Pilots unhappy with inflight gadget use

ALEX DAVIES
Last updated 11:53 05/11/2013

Relevant offers

News

Egypt tourism could fully recover in 2015 Lufthansa pilots call off strike Air France strike amid Europe's low-cost shakeup Falling in love at 30,000ft Flight test: Melbourne to Abu Dhabi on Etihad Airways Air NZ's 787-9 takes off on first Perth flight Last Air NZ Boeing 747-400 flies into history Virgin Galactic pushes back first flight, again Tigerair to crack down on over-size cabin baggage Air NZ increases flights to LA

The FAA's announcement that it will allow passengers to use their electronic devices during takeoff and landing has airlines racing to get approval to make the rule change.

But while most industry groups and companies have praised the decision, not everyone is happy.

The new rule comes with a few caveats: Passengers must stow heavier electronic devices for takeoff and landing, as they can impede evacuation or injure passengers if there's turbulence or an accident.

Passengers will also be required to turn off their devices during landing in "rare instances of low-visibility." The FAA estimates this will happen on about 1% of flights.

And that's what has upset the world's biggest pilot union. In a statement, the Air Line Pilots Association (ALPA), which represents nearly 50,000 pilots at American and Canadian airlines, said it "supports expanded inflight use of PEDs."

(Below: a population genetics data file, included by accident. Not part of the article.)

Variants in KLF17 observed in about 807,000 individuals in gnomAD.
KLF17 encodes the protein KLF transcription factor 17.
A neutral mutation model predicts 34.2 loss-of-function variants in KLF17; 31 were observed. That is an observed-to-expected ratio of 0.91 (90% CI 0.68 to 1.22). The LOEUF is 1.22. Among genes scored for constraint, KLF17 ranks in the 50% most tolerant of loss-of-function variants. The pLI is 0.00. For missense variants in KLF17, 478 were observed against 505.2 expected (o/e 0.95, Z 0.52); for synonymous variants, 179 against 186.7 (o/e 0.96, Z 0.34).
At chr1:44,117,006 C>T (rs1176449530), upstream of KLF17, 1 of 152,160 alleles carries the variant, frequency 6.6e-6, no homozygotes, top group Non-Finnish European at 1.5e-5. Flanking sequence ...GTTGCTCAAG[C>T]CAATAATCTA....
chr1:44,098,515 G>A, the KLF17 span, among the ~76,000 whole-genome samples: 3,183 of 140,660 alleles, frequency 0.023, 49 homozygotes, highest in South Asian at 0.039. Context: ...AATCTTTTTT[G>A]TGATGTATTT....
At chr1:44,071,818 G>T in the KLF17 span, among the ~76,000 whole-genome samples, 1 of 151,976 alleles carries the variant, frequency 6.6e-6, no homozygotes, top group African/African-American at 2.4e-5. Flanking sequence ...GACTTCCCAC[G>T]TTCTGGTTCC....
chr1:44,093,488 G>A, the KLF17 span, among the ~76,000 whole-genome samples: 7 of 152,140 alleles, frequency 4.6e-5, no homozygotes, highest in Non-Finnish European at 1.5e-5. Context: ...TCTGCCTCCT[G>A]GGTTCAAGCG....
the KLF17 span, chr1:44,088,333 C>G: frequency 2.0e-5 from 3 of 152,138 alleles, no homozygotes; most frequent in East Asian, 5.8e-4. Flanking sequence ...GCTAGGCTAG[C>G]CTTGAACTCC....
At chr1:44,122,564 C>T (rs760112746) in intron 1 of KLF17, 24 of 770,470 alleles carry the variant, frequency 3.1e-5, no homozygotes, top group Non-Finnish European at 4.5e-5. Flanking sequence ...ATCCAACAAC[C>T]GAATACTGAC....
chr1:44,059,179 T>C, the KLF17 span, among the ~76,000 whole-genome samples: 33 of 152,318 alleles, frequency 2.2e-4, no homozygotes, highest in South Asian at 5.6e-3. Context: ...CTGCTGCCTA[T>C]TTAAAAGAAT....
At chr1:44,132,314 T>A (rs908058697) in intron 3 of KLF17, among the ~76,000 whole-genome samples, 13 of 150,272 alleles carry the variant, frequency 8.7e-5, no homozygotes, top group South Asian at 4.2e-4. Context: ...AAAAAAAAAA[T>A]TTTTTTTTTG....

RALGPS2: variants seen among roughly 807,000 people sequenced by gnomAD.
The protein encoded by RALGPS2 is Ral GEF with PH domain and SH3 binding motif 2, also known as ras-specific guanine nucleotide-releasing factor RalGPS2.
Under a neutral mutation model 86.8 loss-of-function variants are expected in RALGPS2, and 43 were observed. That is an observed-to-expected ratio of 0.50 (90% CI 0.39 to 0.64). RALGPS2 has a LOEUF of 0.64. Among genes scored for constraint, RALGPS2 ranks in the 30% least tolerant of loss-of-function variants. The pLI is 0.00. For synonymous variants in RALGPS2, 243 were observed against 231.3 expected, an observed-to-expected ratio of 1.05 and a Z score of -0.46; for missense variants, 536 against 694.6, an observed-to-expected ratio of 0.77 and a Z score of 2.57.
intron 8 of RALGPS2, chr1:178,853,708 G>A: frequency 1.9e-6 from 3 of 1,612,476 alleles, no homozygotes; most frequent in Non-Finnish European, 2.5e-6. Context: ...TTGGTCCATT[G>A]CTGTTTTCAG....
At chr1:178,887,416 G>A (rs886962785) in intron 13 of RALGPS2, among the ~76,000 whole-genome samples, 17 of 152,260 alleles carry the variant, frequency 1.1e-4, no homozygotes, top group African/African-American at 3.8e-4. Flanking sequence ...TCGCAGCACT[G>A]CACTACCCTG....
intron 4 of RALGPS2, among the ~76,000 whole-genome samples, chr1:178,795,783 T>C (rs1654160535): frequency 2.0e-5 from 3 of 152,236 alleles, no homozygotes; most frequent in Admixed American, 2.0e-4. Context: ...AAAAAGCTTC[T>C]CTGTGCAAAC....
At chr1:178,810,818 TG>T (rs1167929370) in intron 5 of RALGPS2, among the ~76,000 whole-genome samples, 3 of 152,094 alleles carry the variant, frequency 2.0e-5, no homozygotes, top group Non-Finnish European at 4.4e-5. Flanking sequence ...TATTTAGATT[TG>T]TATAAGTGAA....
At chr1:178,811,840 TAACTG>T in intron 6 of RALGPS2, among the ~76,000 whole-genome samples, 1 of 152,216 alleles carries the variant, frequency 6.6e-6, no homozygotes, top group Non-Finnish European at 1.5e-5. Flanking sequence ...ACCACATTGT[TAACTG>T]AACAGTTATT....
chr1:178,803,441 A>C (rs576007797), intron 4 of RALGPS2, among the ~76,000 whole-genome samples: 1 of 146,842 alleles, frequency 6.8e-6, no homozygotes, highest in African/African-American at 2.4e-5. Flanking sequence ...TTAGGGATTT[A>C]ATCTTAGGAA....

But it "remain[s] concerned that relying on passengers to turn off their devices selectively in areas of extremely poor weather is not a practical solution."

"We urge passengers," ALPA wrote, "to realise the potential seriousness of using a device when any crewmember - pilot of flight attendant - advised them that it is unsafe to do so."

In its list of "Top Things Passengers Should Know" about the rule change, the FAA said "Always follow crew instructions and immediately turn off your device if asked."

ALPA is right to be worried that passengers will ignore instructions - we've been doing it for years.

March 2013 survey found that 30% of US travellers have accidentally left a PED on during a flight when they were not supposed to.

Yet that protest almost certainly won't be enough to stop airlines from pushing ahead with a rule change their customers overwhelmingly approve.

- Business Insider

Ad Feedback
Special offers

Featured Promotions

Sponsored Content